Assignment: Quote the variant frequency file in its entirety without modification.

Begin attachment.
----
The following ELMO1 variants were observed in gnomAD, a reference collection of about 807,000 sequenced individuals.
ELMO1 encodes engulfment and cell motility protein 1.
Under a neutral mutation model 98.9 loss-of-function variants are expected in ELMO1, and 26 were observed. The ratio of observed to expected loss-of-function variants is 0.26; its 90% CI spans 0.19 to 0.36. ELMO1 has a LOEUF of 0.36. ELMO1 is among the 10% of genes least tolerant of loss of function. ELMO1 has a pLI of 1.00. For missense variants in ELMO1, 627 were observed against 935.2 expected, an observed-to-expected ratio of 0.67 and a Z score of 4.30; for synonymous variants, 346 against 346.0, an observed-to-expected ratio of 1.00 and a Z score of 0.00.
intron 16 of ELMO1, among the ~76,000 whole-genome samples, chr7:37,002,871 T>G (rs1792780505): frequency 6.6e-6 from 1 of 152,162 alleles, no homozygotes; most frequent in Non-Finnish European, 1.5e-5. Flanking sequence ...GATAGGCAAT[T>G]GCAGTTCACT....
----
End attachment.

The following ELMO1 variants were observed in gnomAD, a reference collection of about 807,000 sequenced individuals.
ELMO1 encodes engulfment and cell motility protein 1.
Under a neutral mutation model 98.9 loss-of-function variants are expected in ELMO1, and 26 were observed. The ratio of observed to expected loss-of-function variants is 0.26; its 90% CI spans 0.19 to 0.36. ELMO1 has a LOEUF of 0.36. ELMO1 is among the 10% of genes least tolerant of loss of function. ELMO1 has a pLI of 1.00. For missense variants in ELMO1, 627 were observed against 935.2 expected, an observed-to-expected ratio of 0.67 and a Z score of 4.30; for synonymous variants, 346 against 346.0, an observed-to-expected ratio of 1.00 and a Z score of 0.00.
intron 16 of ELMO1, among the ~76,000 whole-genome samples, chr7:37,002,871 T>G (rs1792780505): frequency 6.6e-6 from 1 of 152,162 alleles, no homozygotes; most frequent in Non-Finnish European, 1.5e-5. Flanking sequence ...GATAGGCAAT[T>G]GCAGTTCACT....